One of my favorite classic hymns is “Come, Thou Fount of Every Blessing,” which was written in 1757 by 22-year-old Robert Robinson.
Robert Robinson had a rough beginning. His father died when he was young, and his mother, unable to control him, sent him to London to learn barbering. What he learned instead was drinking and gang-life.
When he was 17, he and his friends reportedly visited a fortune-teller. Relaxed by alcohol, they laughed as she tried to tell their futures. But something about that encounter bothered Robert, and that evening he suggested to his buddies they attend the evangelistic meeting being held by George Whitefield.
Whitefield was one of history’s greatest preachers, with a voice that was part foghorn and part violin. That night he preached from Matthew 3:7:
“But when he saw many of the Pharisees and Sadducees coming to his baptism, he said to them, ‘ Brood of vipers! Who warned you to flee from the wrath to come?’”
Bursting into tears, Whitefield exclaimed,
“Oh, my hearers! The wrath to come! The wrath to come!”
Robert immediately sobered up and sensed Whitefield was preaching directly to him. The preacher’s words haunted him for nearly three years, until December 10, 1766, when he gave his heart to Christ.
Life After Conversion
While he was serving as a minister, he wrote this very hymn for his sermon on Pentecost Sunday. It was a prayer that the Holy Spirit flood into hearts with His streams of mercy, enabling His people to sing God’s praises and to remain faithful unto Him.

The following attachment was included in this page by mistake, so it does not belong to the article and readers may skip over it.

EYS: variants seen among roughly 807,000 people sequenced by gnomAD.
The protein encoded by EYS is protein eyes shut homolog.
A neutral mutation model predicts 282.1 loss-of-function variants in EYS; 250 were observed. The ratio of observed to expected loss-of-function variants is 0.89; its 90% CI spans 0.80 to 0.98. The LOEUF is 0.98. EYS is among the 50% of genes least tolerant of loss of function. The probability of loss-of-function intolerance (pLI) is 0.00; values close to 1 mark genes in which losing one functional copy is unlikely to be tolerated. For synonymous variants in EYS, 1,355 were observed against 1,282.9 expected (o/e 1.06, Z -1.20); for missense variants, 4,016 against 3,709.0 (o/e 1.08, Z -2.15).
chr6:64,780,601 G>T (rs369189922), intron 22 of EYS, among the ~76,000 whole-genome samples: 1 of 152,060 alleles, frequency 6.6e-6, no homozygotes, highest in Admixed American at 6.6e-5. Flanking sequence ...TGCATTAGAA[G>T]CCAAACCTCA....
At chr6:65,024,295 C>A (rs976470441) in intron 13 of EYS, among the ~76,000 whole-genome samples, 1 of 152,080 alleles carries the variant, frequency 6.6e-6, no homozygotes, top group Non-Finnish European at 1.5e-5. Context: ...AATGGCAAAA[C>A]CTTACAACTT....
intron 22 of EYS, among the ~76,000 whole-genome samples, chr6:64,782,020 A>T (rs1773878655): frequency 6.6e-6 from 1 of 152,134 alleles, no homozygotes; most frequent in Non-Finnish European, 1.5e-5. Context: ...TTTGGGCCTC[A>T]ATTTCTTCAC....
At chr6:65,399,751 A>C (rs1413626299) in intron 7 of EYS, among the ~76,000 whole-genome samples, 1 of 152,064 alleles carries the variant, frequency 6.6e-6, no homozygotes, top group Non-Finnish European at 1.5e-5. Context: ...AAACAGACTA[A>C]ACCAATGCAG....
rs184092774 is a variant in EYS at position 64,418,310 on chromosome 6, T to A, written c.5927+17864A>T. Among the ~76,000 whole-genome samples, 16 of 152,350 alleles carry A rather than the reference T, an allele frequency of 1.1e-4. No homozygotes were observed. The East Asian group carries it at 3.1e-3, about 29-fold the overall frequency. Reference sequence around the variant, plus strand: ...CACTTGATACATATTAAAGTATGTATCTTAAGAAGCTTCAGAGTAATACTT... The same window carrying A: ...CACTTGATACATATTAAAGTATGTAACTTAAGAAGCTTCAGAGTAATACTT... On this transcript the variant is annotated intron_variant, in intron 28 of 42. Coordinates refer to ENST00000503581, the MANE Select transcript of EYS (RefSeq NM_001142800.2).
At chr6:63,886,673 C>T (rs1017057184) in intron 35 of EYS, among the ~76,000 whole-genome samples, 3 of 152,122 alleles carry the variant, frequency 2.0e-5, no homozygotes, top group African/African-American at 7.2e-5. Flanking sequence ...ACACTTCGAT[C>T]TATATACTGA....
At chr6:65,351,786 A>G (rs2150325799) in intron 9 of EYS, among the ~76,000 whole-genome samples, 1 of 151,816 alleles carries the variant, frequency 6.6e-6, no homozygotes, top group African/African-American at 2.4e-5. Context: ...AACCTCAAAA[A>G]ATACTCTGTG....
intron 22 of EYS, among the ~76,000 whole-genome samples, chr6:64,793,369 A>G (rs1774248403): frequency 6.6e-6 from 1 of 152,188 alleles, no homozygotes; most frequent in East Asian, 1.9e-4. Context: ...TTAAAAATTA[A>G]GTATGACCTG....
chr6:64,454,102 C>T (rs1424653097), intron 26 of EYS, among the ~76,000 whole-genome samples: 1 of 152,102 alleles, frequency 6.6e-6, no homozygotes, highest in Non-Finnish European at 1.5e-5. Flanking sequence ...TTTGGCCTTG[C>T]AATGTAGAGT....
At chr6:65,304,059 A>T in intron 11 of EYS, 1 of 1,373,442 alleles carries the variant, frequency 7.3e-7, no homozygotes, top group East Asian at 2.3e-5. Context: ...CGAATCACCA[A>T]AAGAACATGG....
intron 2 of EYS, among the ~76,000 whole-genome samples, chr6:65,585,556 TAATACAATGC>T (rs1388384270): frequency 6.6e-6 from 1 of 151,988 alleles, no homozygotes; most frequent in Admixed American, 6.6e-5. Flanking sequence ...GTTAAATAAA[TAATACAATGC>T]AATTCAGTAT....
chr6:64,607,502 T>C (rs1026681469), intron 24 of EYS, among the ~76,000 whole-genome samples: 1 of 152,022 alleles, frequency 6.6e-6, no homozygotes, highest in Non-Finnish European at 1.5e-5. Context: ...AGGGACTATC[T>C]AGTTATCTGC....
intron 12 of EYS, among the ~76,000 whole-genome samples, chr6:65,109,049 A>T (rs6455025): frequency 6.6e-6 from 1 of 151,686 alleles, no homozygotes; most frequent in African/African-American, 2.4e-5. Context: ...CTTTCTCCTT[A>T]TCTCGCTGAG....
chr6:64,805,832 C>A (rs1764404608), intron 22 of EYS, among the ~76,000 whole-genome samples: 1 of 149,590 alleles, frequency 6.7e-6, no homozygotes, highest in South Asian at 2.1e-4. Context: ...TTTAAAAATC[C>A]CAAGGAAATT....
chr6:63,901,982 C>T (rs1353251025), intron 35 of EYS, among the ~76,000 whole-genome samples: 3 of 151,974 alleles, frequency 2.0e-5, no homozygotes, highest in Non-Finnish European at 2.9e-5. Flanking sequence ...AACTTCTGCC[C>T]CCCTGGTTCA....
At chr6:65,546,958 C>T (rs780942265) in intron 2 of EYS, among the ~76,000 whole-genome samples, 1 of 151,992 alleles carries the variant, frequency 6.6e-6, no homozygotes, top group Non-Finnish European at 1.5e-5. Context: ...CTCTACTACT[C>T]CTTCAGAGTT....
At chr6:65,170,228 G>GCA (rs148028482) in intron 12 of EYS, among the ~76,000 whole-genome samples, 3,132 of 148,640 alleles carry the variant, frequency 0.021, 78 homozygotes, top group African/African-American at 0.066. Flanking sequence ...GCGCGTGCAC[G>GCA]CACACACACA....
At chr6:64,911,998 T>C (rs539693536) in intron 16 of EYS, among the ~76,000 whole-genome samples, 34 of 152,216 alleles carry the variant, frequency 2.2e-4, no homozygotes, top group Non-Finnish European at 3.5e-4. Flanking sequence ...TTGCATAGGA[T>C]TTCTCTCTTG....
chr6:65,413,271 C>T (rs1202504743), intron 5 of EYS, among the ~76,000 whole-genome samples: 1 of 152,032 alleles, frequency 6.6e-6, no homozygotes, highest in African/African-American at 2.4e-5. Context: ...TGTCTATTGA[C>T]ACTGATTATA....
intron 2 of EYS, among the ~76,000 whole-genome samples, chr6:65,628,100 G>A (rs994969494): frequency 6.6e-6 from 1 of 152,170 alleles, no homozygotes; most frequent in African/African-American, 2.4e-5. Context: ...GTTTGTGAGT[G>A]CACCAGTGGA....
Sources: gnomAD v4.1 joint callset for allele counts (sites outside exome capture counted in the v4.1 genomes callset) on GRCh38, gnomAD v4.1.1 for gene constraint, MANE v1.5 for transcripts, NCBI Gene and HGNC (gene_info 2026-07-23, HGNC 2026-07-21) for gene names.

In the hymn’s lyrics is a line that always captures my attention and forces me to do some self-evaluation.
The line says, “Prone to wander, Lord, I feel it. Prone to leave the God I love.” I feel that way sometimes. Too often I find myself distracted and drifting, instead of having my heart and mind focused on the Savior who loves me and gave Himself for me. Robert Robinson and I are not alone in this.
In those seasons of wandering, our heart of hearts doesn’t want to drift from God—but, like Paul, we often do what we don’t want to do (Rom. 7:19), and we desperately need to turn back to the Shepherd of our heart who can draw us to Himself. David wrote of this struggle in His great anthem to the Scriptures, Psalm 119, saying, “With my whole heart I have sought You; oh, let me not wander from Your commandments!” (v.10).
Sometimes, even when our hearts long to seek God, the distractions of life can draw us away from Him and His Word. How grateful we can be for a patient, compassionate heavenly Father whose grace is always sufficient—even when we are prone to wander!
Let the words of this very hymn be as a personal prayer, especially remembering those last incredible lines unto the Lord.
Prone to wander, Lord, I feel it,
Prone to leave the God I love;
Here’s my heart, O take and seal it,
Seal it for Thy courts above.